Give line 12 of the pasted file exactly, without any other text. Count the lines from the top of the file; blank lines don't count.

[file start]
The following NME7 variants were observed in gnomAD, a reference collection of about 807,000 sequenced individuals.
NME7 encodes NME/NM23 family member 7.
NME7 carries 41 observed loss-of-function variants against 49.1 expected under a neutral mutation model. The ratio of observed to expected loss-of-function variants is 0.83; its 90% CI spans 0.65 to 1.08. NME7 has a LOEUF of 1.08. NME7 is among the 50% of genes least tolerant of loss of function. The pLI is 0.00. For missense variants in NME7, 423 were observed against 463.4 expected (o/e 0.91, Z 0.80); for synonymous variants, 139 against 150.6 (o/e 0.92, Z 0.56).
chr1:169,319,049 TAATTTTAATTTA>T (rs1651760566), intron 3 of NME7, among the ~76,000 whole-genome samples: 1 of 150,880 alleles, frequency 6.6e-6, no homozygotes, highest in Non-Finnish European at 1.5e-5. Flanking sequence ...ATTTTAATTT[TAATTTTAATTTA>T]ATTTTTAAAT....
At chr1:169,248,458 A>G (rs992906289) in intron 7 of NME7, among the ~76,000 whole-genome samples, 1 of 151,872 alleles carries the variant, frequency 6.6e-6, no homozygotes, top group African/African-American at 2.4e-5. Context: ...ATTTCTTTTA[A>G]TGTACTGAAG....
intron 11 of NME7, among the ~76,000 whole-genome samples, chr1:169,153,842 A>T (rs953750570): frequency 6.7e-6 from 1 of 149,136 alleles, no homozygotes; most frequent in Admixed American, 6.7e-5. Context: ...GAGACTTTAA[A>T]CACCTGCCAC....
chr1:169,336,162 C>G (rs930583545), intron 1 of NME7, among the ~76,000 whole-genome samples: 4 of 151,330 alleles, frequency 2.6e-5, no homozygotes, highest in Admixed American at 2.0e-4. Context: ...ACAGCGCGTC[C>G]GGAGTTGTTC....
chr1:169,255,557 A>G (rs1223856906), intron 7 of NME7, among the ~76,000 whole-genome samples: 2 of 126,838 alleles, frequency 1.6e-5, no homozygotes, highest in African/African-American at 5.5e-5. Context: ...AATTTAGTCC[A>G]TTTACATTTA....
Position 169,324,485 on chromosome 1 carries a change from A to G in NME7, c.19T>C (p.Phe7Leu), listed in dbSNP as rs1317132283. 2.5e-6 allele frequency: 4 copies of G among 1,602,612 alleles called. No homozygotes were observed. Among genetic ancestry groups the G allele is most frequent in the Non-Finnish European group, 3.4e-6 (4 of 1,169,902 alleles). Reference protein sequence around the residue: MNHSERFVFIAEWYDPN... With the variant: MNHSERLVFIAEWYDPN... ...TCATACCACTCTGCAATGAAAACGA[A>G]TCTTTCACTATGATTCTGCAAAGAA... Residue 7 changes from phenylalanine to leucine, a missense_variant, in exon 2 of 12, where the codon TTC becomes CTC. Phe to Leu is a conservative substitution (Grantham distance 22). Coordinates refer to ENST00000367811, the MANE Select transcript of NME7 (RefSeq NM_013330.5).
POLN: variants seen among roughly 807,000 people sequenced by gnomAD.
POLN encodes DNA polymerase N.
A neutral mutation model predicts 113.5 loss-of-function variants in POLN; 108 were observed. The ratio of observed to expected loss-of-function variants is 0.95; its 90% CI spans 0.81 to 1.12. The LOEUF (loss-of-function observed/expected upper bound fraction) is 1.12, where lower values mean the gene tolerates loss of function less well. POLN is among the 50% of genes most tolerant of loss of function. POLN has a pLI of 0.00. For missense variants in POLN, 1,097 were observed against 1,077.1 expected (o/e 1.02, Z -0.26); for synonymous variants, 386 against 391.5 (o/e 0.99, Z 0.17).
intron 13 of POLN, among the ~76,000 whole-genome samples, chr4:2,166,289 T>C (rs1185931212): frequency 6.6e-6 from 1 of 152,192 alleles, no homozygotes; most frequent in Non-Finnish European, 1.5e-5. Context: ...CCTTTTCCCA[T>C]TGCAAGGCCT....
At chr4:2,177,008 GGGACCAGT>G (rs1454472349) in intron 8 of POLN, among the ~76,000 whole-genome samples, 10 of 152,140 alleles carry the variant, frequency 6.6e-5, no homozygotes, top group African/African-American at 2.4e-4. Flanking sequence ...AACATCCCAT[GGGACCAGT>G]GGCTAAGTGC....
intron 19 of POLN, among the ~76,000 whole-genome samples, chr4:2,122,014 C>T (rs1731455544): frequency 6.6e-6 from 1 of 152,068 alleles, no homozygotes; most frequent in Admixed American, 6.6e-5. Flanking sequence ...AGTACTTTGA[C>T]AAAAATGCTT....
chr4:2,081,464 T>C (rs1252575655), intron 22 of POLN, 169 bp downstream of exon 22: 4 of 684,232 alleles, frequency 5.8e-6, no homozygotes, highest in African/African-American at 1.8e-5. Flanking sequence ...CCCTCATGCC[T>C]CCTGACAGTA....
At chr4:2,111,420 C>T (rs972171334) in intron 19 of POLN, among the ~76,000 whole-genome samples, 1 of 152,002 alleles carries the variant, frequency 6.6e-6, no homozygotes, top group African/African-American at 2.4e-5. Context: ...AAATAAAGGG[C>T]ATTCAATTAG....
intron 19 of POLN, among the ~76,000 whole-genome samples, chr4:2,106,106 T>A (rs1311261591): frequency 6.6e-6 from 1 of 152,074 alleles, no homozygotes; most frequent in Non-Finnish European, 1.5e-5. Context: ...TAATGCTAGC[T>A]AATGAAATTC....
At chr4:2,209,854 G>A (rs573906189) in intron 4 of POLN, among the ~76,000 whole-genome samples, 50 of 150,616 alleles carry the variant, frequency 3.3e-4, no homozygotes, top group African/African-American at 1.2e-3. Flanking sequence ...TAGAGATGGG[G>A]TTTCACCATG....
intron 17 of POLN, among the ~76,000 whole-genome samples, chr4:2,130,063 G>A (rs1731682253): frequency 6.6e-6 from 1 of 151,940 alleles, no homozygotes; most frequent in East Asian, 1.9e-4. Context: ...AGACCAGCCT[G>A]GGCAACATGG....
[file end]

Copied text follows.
A neutral mutation model predicts 113.5 loss-of-function variants in POLN; 108 were observed. The ratio of observed to expected loss-of-function variants is 0.95; its 90% CI spans 0.81 to 1.12. The LOEUF (loss-of-function observed/expected upper bound fraction) is 1.12, where lower values mean the gene tolerates loss of function less well. POLN is among the 50% of genes most tolerant of loss of function. POLN has a pLI of 0.00. For missense variants in POLN, 1,097 were observed against 1,077.1 expected (o/e 1.02, Z -0.26); for synonymous variants, 386 against 391.5 (o/e 0.99, Z 0.17).